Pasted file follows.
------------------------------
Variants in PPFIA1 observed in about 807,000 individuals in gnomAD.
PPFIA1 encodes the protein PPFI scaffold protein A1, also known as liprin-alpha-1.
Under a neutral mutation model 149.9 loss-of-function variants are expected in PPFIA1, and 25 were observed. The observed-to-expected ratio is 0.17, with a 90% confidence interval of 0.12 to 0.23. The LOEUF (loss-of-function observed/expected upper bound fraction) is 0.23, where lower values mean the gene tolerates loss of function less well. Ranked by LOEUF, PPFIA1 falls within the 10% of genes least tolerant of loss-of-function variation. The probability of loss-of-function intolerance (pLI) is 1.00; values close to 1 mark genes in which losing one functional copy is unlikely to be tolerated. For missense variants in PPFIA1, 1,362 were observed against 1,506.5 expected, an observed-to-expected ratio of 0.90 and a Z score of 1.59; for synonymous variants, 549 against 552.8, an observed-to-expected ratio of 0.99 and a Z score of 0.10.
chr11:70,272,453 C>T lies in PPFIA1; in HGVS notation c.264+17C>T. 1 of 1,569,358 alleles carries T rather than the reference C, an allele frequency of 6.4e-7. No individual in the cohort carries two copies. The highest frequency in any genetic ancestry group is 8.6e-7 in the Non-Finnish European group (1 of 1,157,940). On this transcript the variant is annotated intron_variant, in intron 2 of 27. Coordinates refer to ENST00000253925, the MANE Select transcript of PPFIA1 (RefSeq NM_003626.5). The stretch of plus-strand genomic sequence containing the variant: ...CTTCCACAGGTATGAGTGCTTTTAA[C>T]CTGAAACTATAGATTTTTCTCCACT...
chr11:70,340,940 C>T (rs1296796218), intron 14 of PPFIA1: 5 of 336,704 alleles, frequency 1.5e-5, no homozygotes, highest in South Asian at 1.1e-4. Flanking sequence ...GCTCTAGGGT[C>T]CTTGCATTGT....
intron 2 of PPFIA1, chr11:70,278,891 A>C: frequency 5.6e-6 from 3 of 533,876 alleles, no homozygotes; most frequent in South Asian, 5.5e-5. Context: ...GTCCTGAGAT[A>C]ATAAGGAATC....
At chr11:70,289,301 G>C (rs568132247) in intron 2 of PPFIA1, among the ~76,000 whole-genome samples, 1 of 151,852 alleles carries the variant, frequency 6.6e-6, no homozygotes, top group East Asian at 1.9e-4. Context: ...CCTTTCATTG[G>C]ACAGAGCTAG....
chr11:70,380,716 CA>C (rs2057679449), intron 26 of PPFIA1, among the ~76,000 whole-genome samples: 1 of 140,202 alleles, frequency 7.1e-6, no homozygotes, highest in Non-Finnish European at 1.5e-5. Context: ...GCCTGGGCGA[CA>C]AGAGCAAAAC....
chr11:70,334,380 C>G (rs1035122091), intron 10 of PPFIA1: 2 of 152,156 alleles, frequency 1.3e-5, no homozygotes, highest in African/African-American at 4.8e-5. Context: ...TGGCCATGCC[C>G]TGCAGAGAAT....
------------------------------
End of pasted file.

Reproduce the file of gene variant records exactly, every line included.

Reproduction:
Variants in PPFIA1 observed in about 807,000 individuals in gnomAD.
PPFIA1 encodes the protein PPFI scaffold protein A1, also known as liprin-alpha-1.
Under a neutral mutation model 149.9 loss-of-function variants are expected in PPFIA1, and 25 were observed. The observed-to-expected ratio is 0.17, with a 90% confidence interval of 0.12 to 0.23. The LOEUF (loss-of-function observed/expected upper bound fraction) is 0.23, where lower values mean the gene tolerates loss of function less well. Ranked by LOEUF, PPFIA1 falls within the 10% of genes least tolerant of loss-of-function variation. The probability of loss-of-function intolerance (pLI) is 1.00; values close to 1 mark genes in which losing one functional copy is unlikely to be tolerated. For missense variants in PPFIA1, 1,362 were observed against 1,506.5 expected, an observed-to-expected ratio of 0.90 and a Z score of 1.59; for synonymous variants, 549 against 552.8, an observed-to-expected ratio of 0.99 and a Z score of 0.10.
chr11:70,272,453 C>T lies in PPFIA1; in HGVS notation c.264+17C>T. 1 of 1,569,358 alleles carries T rather than the reference C, an allele frequency of 6.4e-7. No individual in the cohort carries two copies. The highest frequency in any genetic ancestry group is 8.6e-7 in the Non-Finnish European group (1 of 1,157,940). On this transcript the variant is annotated intron_variant, in intron 2 of 27. Coordinates refer to ENST00000253925, the MANE Select transcript of PPFIA1 (RefSeq NM_003626.5). The stretch of plus-strand genomic sequence containing the variant: ...CTTCCACAGGTATGAGTGCTTTTAA[C>T]CTGAAACTATAGATTTTTCTCCACT...
chr11:70,340,940 C>T (rs1296796218), intron 14 of PPFIA1: 5 of 336,704 alleles, frequency 1.5e-5, no homozygotes, highest in South Asian at 1.1e-4. Flanking sequence ...GCTCTAGGGT[C>T]CTTGCATTGT....
intron 2 of PPFIA1, chr11:70,278,891 A>C: frequency 5.6e-6 from 3 of 533,876 alleles, no homozygotes; most frequent in South Asian, 5.5e-5. Context: ...GTCCTGAGAT[A>C]ATAAGGAATC....
At chr11:70,289,301 G>C (rs568132247) in intron 2 of PPFIA1, among the ~76,000 whole-genome samples, 1 of 151,852 alleles carries the variant, frequency 6.6e-6, no homozygotes, top group East Asian at 1.9e-4. Context: ...CCTTTCATTG[G>C]ACAGAGCTAG....
chr11:70,380,716 CA>C (rs2057679449), intron 26 of PPFIA1, among the ~76,000 whole-genome samples: 1 of 140,202 alleles, frequency 7.1e-6, no homozygotes, highest in Non-Finnish European at 1.5e-5. Context: ...GCCTGGGCGA[CA>C]AGAGCAAAAC....
chr11:70,334,380 C>G (rs1035122091), intron 10 of PPFIA1: 2 of 152,156 alleles, frequency 1.3e-5, no homozygotes, highest in African/African-American at 4.8e-5. Context: ...TGGCCATGCC[C>G]TGCAGAGAAT....